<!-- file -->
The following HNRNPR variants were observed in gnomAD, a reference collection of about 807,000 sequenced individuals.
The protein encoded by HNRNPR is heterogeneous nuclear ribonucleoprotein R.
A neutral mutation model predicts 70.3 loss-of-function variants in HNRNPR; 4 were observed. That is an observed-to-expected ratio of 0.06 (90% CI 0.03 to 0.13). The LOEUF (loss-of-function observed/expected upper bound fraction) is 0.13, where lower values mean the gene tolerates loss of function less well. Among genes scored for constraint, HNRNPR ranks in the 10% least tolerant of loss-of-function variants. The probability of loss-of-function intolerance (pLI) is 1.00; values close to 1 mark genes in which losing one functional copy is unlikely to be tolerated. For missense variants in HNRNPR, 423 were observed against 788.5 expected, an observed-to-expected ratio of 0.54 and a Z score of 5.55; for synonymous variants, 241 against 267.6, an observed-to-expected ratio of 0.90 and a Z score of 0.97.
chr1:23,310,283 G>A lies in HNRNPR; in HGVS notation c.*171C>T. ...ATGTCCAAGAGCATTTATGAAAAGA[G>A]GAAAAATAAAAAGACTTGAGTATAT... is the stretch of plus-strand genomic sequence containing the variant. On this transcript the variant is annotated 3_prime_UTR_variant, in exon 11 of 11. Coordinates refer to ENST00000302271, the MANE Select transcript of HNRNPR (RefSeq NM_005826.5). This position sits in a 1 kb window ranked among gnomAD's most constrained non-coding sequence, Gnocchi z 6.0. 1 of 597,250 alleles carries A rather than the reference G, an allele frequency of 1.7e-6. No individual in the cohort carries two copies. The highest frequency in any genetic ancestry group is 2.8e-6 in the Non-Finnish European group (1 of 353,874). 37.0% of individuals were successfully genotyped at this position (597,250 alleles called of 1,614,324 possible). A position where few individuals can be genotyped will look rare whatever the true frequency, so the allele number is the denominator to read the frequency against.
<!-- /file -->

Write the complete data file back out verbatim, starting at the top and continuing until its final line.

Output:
The following HNRNPR variants were observed in gnomAD, a reference collection of about 807,000 sequenced individuals.
The protein encoded by HNRNPR is heterogeneous nuclear ribonucleoprotein R.
A neutral mutation model predicts 70.3 loss-of-function variants in HNRNPR; 4 were observed. That is an observed-to-expected ratio of 0.06 (90% CI 0.03 to 0.13). The LOEUF (loss-of-function observed/expected upper bound fraction) is 0.13, where lower values mean the gene tolerates loss of function less well. Among genes scored for constraint, HNRNPR ranks in the 10% least tolerant of loss-of-function variants. The probability of loss-of-function intolerance (pLI) is 1.00; values close to 1 mark genes in which losing one functional copy is unlikely to be tolerated. For missense variants in HNRNPR, 423 were observed against 788.5 expected, an observed-to-expected ratio of 0.54 and a Z score of 5.55; for synonymous variants, 241 against 267.6, an observed-to-expected ratio of 0.90 and a Z score of 0.97.
chr1:23,310,283 G>A lies in HNRNPR; in HGVS notation c.*171C>T. ...ATGTCCAAGAGCATTTATGAAAAGA[G>A]GAAAAATAAAAAGACTTGAGTATAT... is the stretch of plus-strand genomic sequence containing the variant. On this transcript the variant is annotated 3_prime_UTR_variant, in exon 11 of 11. Coordinates refer to ENST00000302271, the MANE Select transcript of HNRNPR (RefSeq NM_005826.5). This position sits in a 1 kb window ranked among gnomAD's most constrained non-coding sequence, Gnocchi z 6.0. 1 of 597,250 alleles carries A rather than the reference G, an allele frequency of 1.7e-6. No individual in the cohort carries two copies. The highest frequency in any genetic ancestry group is 2.8e-6 in the Non-Finnish European group (1 of 353,874). 37.0% of individuals were successfully genotyped at this position (597,250 alleles called of 1,614,324 possible). A position where few individuals can be genotyped will look rare whatever the true frequency, so the allele number is the denominator to read the frequency against.